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Reading Delhi through its Metro rail system

Rashmi Sadana's new book Metronama is a sensory journey through what this iconic infrastructure means for people, places and society.

March 05, 2022 / 05:54 PM IST
The Delhi Metro is used as a framing device in 'Metronama',  to tell the story not just of this city, but of how infrastructures reshape our urban worlds. (File image: Twitter/@OfficialDMR)

The Delhi Metro is used as a framing device in 'Metronama', to tell the story not just of this city, but of how infrastructures reshape our urban worlds. (File image: Twitter/@OfficialDMR)

Fancy taking a ride on the Delhi Metro, a stroll around its stations and conversing with planners, riders and observers without stepping out of your home?

Rashmi Sadana's new book Metronama, brought out in India by Roli Books' Lotus imprint, could be a great starting point.

For those who know Delhi, the book evokes images that are all too familiar. For those yet to visit, it is a teaser of the complex and compelling offerings of an enormous, historic metropolis that seeks, through its Metro system, to stand shoulder to shoulder with global cities like Paris, London and New York.

This pursuit of world-classness is an enduring trope of Delhi and its metro system, but Metronama does not overly burden itself with this idea. Sadana studied the Delhi Metro for over a decade. Like many anthropologists before her, she reads and narrates infrastructure in political and social terms in this book. Its short, concise chapters each tell a single story, of people, places, events and perspectives. Sensory and lyrical, the narrative yo-yos between the quotidian and discursive, at times drawing you into someone's life and at other times zooming you out towards social science theory. Much like the movements in and out of the Delhi Metro itself, from noisy, crowded, smelly streets into underground stations and tunnels where the deep rumbles lull you to much-needed sleep or help you finish that half-heard podcast.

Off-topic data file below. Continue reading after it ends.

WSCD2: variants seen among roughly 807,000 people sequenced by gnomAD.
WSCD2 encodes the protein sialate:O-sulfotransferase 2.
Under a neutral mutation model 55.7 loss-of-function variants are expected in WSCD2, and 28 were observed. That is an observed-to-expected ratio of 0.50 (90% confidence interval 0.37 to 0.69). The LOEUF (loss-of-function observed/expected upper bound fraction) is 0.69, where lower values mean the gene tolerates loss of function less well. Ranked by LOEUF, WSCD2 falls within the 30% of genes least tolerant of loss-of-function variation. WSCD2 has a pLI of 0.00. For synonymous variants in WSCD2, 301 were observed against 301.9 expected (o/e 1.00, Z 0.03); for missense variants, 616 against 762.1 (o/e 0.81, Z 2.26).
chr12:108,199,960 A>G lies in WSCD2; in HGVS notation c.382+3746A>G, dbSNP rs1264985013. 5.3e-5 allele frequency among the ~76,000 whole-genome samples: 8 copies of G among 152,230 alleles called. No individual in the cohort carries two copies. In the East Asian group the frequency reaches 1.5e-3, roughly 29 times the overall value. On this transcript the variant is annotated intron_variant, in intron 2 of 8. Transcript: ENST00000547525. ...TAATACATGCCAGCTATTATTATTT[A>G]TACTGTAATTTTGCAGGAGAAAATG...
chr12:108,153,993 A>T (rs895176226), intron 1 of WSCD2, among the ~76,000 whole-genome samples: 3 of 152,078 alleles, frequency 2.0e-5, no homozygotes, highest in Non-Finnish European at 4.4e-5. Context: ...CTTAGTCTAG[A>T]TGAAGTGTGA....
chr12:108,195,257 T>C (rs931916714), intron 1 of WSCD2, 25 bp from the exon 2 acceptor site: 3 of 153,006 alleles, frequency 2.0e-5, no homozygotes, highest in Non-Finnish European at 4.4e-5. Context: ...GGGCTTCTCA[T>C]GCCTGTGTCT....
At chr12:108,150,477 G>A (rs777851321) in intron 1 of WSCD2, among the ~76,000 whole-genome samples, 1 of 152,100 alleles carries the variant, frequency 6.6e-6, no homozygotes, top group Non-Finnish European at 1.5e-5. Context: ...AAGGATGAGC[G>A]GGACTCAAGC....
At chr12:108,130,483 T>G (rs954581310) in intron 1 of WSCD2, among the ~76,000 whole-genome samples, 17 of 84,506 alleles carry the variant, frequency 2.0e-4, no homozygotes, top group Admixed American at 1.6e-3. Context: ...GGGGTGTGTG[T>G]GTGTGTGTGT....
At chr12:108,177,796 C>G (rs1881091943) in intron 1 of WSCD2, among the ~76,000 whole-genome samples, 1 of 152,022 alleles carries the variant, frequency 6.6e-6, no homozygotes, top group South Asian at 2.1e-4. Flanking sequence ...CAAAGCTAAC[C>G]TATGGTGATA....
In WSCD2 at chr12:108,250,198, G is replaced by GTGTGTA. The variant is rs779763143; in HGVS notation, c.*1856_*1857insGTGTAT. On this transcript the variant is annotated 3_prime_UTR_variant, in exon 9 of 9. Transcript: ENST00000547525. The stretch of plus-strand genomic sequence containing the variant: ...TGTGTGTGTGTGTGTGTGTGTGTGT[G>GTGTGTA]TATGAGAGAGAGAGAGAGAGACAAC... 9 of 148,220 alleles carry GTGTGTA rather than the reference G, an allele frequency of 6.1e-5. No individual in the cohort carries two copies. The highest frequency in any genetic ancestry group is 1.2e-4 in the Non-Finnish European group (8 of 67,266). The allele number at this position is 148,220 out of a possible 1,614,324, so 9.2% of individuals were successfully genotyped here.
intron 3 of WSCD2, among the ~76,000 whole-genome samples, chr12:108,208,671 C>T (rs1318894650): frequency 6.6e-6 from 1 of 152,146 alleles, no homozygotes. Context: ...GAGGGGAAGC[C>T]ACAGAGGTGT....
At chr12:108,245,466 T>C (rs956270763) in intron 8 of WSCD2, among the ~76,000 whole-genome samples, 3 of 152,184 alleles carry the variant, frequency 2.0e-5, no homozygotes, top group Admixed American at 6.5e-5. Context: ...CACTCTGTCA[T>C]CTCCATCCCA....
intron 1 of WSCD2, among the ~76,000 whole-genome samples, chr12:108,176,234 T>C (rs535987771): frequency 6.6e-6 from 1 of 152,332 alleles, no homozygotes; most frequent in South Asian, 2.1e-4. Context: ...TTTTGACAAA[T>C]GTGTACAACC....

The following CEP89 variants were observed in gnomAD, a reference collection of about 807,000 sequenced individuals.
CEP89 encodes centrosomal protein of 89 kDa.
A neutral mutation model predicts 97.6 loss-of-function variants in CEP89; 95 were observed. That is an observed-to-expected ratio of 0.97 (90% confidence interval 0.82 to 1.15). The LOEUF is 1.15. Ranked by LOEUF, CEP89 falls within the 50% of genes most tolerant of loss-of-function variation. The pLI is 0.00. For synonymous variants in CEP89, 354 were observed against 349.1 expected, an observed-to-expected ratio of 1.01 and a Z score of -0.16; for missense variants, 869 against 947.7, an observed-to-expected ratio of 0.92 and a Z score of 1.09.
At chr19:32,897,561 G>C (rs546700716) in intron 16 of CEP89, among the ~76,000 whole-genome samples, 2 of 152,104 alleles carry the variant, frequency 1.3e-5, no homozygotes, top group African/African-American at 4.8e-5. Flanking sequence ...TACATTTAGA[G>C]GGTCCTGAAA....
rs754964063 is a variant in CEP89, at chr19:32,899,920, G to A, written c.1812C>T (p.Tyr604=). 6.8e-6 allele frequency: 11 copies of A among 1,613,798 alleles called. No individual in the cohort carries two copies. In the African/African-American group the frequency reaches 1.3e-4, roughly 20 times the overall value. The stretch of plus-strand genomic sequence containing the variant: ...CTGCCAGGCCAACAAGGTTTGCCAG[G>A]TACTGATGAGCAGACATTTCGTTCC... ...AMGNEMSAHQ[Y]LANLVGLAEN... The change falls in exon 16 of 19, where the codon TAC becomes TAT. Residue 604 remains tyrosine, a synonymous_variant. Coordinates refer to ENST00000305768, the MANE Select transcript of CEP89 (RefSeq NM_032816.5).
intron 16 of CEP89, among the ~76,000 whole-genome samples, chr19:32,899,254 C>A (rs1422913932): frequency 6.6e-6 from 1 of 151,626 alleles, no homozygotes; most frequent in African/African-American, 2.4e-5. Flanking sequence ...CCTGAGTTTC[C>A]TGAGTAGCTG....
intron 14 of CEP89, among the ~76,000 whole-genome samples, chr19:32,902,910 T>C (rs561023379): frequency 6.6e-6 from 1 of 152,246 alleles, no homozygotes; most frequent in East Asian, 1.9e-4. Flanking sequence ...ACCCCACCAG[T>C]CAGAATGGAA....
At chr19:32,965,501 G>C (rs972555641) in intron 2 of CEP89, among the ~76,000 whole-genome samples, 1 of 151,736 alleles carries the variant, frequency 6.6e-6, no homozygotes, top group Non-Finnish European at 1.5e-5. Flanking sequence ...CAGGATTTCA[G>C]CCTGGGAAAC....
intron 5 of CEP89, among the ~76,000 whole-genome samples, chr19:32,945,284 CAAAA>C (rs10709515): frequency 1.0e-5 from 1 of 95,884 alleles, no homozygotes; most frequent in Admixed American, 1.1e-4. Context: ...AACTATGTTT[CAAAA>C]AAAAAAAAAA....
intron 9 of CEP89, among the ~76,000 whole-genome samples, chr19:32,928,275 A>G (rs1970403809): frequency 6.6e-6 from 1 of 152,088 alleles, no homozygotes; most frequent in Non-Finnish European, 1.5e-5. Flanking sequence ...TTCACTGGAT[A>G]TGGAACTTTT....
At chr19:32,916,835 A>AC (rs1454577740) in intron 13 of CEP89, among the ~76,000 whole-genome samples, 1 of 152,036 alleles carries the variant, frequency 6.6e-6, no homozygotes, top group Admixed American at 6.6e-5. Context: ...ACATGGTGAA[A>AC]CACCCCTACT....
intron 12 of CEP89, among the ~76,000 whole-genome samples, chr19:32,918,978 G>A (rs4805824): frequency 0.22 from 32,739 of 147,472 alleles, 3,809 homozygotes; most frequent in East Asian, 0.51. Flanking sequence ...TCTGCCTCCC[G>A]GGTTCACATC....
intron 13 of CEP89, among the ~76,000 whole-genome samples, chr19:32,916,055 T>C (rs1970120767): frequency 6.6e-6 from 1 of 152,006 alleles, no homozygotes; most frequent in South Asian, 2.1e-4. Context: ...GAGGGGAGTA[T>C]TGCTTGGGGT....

Metronama points out some of the most striking features of Delhi's iconic infrastructure project. It teases out how the Metro represents novelty to Delhi-walas: how it helps them confront their fears, of boarding an escalator, for instance, or how it seeds the excitement of seeing new places and crossing social boundaries in conversations and friendships. The practice of rules around cleanliness and discipline within the system urges behavioural changes that no one could have anticipated from Delhi's rowdy undisciplined public.

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The city's highly gendered public space practices also reflect inside the Metro. Commuter Indrani's word - "We don't mind if ladies push into us; we don't like gents pushing us" - captures the value of the ladies only coach on the Metro. Sadana's reading of the liminal space between the ladies coach and the rest of the train, where mixed-gender groups, couples and families enact gendered relations of concern, control, submission and compromise, is typical of how Metronama opens new possibilities of analysis while describing the utterly mundane.